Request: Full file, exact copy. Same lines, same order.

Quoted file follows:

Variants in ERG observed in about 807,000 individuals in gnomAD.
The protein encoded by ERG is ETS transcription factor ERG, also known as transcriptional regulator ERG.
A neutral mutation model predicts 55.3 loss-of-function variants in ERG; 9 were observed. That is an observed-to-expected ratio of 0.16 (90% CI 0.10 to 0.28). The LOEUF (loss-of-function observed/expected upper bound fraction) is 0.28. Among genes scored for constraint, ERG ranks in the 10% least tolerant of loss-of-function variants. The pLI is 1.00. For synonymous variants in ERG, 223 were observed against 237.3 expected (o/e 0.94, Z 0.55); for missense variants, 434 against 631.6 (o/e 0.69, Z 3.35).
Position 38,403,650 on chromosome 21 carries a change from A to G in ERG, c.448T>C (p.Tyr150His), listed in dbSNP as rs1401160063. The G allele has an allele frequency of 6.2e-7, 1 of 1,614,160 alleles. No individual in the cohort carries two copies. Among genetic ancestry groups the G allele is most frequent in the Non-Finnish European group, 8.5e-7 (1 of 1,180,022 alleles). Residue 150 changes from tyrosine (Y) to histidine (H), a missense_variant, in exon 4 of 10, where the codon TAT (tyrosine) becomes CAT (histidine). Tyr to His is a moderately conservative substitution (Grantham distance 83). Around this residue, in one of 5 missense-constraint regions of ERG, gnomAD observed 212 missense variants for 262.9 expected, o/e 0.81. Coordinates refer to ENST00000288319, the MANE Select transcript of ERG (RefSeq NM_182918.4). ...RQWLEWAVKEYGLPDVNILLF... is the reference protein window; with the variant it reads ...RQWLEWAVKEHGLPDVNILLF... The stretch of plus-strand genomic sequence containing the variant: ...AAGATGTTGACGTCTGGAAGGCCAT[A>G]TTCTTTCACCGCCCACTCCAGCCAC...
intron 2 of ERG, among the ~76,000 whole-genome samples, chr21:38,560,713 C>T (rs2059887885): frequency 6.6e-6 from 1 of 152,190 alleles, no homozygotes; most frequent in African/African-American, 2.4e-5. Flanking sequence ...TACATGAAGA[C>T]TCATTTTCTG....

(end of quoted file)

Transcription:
Variants in ERG observed in about 807,000 individuals in gnomAD.
The protein encoded by ERG is ETS transcription factor ERG, also known as transcriptional regulator ERG.
A neutral mutation model predicts 55.3 loss-of-function variants in ERG; 9 were observed. That is an observed-to-expected ratio of 0.16 (90% CI 0.10 to 0.28). The LOEUF (loss-of-function observed/expected upper bound fraction) is 0.28. Among genes scored for constraint, ERG ranks in the 10% least tolerant of loss-of-function variants. The pLI is 1.00. For synonymous variants in ERG, 223 were observed against 237.3 expected (o/e 0.94, Z 0.55); for missense variants, 434 against 631.6 (o/e 0.69, Z 3.35).
Position 38,403,650 on chromosome 21 carries a change from A to G in ERG, c.448T>C (p.Tyr150His), listed in dbSNP as rs1401160063. The G allele has an allele frequency of 6.2e-7, 1 of 1,614,160 alleles. No individual in the cohort carries two copies. Among genetic ancestry groups the G allele is most frequent in the Non-Finnish European group, 8.5e-7 (1 of 1,180,022 alleles). Residue 150 changes from tyrosine (Y) to histidine (H), a missense_variant, in exon 4 of 10, where the codon TAT (tyrosine) becomes CAT (histidine). Tyr to His is a moderately conservative substitution (Grantham distance 83). Around this residue, in one of 5 missense-constraint regions of ERG, gnomAD observed 212 missense variants for 262.9 expected, o/e 0.81. Coordinates refer to ENST00000288319, the MANE Select transcript of ERG (RefSeq NM_182918.4). ...RQWLEWAVKEYGLPDVNILLF... is the reference protein window; with the variant it reads ...RQWLEWAVKEHGLPDVNILLF... The stretch of plus-strand genomic sequence containing the variant: ...AAGATGTTGACGTCTGGAAGGCCAT[A>G]TTCTTTCACCGCCCACTCCAGCCAC...
intron 2 of ERG, among the ~76,000 whole-genome samples, chr21:38,560,713 C>T (rs2059887885): frequency 6.6e-6 from 1 of 152,190 alleles, no homozygotes; most frequent in African/African-American, 2.4e-5. Flanking sequence ...TACATGAAGA[C>T]TCATTTTCTG....